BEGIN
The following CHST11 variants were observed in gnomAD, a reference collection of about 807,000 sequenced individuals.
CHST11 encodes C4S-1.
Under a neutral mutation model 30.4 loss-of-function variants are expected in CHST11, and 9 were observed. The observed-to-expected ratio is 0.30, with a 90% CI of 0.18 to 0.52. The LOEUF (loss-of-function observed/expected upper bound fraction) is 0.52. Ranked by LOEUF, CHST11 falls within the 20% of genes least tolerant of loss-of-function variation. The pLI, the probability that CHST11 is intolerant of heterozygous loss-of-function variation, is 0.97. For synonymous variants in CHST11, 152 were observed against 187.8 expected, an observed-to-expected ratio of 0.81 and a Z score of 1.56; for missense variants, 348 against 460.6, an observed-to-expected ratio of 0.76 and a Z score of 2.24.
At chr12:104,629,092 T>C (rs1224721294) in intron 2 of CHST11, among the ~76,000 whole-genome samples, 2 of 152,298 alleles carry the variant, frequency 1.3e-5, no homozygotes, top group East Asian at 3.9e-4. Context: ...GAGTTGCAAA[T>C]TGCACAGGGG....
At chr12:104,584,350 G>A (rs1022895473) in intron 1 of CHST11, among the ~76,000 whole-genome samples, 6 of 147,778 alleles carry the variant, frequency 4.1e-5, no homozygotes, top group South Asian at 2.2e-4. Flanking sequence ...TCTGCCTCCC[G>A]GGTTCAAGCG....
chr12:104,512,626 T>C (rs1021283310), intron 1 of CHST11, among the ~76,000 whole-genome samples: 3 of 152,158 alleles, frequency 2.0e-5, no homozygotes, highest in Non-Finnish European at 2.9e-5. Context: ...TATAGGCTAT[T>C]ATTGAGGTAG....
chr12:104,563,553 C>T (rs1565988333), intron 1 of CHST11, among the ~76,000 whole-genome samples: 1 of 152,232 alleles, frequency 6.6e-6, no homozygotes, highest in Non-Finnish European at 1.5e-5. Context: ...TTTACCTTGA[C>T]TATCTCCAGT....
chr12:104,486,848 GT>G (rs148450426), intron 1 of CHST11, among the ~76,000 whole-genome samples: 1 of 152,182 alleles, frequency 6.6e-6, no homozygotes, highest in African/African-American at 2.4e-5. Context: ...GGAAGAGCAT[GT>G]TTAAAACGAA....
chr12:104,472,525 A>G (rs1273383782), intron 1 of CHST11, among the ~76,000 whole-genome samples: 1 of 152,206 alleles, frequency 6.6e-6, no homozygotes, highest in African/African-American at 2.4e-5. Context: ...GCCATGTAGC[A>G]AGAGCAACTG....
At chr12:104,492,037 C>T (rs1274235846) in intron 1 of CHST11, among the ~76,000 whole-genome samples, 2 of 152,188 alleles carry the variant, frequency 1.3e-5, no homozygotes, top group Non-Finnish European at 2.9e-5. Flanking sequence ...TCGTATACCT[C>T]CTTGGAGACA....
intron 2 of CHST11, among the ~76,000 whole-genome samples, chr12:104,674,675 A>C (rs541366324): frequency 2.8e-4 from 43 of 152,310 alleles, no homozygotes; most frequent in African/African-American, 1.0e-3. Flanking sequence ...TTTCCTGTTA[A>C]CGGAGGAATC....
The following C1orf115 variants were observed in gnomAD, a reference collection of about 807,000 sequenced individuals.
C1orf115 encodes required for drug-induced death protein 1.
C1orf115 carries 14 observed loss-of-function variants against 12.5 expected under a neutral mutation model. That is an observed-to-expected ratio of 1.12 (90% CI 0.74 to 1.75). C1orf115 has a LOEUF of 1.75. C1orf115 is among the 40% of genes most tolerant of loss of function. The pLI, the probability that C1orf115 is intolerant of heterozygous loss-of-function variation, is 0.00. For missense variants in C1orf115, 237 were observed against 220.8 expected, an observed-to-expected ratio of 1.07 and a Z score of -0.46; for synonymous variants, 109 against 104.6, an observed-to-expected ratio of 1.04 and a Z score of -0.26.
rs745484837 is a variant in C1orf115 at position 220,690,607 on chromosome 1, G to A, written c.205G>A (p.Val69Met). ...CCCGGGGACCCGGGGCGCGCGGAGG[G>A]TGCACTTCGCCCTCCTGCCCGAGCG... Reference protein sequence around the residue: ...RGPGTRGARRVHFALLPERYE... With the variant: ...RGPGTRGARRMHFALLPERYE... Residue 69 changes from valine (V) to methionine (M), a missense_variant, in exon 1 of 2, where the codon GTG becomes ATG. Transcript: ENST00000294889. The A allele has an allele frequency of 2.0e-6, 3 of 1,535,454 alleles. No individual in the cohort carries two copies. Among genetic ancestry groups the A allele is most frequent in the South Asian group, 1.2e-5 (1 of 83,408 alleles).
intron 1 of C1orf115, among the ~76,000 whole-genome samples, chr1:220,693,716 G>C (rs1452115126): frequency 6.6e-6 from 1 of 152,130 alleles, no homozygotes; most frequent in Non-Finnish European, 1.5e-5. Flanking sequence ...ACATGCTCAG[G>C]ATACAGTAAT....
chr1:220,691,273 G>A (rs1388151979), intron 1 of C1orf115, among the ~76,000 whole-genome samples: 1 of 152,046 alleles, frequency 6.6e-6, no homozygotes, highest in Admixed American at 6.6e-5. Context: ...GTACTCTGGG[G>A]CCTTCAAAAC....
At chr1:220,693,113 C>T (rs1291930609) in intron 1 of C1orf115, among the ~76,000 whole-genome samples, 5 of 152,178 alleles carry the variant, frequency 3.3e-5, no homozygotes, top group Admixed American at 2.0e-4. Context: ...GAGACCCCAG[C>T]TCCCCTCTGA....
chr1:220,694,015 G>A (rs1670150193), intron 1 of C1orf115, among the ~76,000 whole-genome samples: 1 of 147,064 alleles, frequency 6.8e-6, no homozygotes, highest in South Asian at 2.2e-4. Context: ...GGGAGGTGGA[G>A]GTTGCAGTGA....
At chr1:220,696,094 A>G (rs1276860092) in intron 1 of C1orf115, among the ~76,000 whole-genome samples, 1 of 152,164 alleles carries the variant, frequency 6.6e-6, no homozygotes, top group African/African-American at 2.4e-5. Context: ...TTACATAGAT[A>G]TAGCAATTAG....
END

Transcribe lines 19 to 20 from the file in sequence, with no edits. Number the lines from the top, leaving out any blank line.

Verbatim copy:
chr1:220,694,015 G>A (rs1670150193), intron 1 of C1orf115, among the ~76,000 whole-genome samples: 1 of 147,064 alleles, frequency 6.8e-6, no homozygotes, highest in South Asian at 2.2e-4. Context: ...GGGAGGTGGA[G>A]GTTGCAGTGA....
At chr1:220,696,094 A>G (rs1276860092) in intron 1 of C1orf115, among the ~76,000 whole-genome samples, 1 of 152,164 alleles carries the variant, frequency 6.6e-6, no homozygotes, top group African/African-American at 2.4e-5. Context: ...TTACATAGAT[A>G]TAGCAATTAG....